Assessment of prosthetic vascular graft thrombogenicity using the technetium-99m labeled glycoprotein IIb/IIIa receptor antagonist DMP444 in a dog model

D. Scharn, W. Oyen, P. Klemm, M. Wijnen and J. vanderVliet

Department of Surgery, University Medical Center Nijmegen, 'St Radboud', PO Box 9101, 6500 HB, Nijmegen, The Netherlands.
Dec, 2002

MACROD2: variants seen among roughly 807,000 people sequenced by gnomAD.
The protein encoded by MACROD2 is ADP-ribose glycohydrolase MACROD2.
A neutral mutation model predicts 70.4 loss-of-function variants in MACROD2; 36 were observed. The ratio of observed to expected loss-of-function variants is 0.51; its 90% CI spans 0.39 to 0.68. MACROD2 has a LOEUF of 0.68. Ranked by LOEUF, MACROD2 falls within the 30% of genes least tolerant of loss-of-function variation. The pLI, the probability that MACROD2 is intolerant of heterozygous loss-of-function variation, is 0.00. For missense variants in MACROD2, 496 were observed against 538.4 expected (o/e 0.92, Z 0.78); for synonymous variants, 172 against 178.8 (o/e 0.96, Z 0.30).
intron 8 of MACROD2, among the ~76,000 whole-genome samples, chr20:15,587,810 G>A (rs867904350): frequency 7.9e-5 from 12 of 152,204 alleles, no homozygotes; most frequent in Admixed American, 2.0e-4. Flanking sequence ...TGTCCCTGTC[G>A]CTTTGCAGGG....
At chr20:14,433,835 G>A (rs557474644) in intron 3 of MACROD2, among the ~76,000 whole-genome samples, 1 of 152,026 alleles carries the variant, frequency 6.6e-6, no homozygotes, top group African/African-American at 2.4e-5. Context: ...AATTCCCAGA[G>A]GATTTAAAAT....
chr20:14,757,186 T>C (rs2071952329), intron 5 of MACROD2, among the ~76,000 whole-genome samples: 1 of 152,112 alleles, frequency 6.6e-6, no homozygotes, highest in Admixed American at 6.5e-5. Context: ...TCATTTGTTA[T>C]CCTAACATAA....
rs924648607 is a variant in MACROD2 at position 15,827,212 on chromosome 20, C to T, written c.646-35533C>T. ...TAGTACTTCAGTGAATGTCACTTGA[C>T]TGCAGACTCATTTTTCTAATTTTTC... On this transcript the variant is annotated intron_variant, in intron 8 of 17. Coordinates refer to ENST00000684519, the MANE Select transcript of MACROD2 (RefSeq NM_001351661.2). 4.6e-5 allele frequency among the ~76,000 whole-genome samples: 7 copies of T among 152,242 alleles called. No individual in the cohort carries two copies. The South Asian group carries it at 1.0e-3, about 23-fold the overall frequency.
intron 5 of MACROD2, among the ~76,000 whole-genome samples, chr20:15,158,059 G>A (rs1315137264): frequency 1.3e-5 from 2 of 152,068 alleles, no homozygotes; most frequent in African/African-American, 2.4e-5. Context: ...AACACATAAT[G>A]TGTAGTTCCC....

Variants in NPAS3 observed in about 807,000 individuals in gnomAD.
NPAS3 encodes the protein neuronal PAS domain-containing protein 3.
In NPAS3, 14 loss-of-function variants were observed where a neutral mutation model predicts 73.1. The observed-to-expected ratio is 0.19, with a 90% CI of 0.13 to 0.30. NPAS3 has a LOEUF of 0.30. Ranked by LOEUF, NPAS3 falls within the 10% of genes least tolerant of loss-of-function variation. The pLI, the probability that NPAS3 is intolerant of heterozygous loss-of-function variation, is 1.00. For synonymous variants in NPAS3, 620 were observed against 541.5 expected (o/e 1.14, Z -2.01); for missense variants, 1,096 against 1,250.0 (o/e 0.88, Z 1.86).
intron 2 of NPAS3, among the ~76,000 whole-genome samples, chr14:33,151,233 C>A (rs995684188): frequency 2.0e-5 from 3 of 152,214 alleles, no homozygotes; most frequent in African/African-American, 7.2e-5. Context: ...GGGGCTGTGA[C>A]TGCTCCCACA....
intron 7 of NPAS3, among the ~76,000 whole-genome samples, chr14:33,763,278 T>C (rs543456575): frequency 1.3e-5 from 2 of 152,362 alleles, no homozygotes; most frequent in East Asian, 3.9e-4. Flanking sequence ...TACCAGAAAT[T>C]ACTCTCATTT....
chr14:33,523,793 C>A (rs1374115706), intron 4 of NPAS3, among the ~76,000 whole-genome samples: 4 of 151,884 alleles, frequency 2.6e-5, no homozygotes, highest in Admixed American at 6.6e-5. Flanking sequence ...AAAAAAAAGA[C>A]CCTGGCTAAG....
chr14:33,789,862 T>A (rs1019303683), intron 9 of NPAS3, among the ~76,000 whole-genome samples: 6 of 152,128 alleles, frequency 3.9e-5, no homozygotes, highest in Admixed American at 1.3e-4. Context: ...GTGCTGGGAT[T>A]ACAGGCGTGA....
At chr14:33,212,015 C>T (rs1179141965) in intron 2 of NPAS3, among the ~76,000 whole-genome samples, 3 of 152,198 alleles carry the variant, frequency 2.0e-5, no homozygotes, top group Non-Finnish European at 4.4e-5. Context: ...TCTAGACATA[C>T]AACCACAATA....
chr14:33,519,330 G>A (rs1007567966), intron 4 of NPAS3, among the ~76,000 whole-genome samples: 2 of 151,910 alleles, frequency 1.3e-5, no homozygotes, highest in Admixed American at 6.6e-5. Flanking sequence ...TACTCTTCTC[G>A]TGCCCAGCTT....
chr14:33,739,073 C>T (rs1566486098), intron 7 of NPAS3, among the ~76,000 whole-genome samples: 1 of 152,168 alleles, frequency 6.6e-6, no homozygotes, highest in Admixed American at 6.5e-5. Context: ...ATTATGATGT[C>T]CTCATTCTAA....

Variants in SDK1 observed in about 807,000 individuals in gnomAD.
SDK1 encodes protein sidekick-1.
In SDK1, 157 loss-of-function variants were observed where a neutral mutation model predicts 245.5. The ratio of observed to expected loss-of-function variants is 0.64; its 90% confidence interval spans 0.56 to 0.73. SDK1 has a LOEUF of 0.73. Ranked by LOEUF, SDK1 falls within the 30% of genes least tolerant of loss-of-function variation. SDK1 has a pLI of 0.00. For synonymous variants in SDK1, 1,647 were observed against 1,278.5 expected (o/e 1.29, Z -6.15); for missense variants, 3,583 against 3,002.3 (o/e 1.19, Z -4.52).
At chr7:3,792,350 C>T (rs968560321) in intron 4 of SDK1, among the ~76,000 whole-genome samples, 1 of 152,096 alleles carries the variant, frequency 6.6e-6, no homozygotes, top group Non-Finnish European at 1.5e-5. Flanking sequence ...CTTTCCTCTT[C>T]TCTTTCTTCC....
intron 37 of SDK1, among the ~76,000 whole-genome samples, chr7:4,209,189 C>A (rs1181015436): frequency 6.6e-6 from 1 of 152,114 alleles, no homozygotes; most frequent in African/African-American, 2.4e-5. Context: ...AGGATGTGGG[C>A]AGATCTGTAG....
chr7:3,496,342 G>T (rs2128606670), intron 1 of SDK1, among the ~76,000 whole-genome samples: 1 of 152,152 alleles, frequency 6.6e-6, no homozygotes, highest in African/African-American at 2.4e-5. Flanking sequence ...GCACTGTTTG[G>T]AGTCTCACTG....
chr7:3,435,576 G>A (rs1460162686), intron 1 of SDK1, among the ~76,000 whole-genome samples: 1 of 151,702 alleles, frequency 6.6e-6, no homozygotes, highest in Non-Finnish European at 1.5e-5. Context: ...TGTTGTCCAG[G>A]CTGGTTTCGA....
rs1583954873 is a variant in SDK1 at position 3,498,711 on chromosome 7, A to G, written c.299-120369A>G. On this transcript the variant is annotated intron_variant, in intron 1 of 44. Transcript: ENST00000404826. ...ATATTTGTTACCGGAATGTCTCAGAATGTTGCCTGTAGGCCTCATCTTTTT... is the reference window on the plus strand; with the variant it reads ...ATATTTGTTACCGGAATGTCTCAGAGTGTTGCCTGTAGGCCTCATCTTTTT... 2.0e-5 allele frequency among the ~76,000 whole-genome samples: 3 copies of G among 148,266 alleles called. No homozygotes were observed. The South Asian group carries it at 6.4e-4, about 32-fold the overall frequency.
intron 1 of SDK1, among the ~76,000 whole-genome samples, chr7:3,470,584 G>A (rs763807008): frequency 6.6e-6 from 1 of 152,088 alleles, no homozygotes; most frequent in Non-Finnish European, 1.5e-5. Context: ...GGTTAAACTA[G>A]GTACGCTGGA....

Prosthetic graft patency greatly depends on graft thrombogenicity. The concept of graft thrombogenicity is poorly understood and difficult to measure or quantify. In a study we tested the experimental radiopharmaceutical DMP444 and developed a suitable dog model. This agent is a radiolabelled ((99m)Technetium) glycoprotein IIb/IIIa receptor antagonist with a high affinity for activated platelets. It binds to platelets that are intimately involved in thrombus formation. The agent does not affect thrombocyte function, when used in a dose necessary for imaging. DMP444 does not require platelet harvesting and processing. Early imaging of thrombocyte aggregation sites such as vascular prostheses is possible within 4 hours after injection.Adult Beagle dogs weighing 12-15 kg were used for the experiments. In 16 dogs a prosthetic patch was sewn onto the abdominal aorta (Bovine pericard: n=4, Dacron: n=6, Human Umbilical Vein: n=6). Imaging cycles after injection of (99m)Technetium-labelled DMP444 were performed on days 1, 7, 14 and 28 after surgery.We noticed differences in thrombus formation on the tested graft materials. The bovine pericard patches (n=4) showed a relatively high rate of thrombocyte aggregation. In the Dacron patches (n=6) aggregation was not seen. In 1 of 6 cases of human umbilical vein patches a measurable focal aggregation was recorded.The method outlined in this study is a relatively simple and reproducable method to visualize thrombocyte aggregation.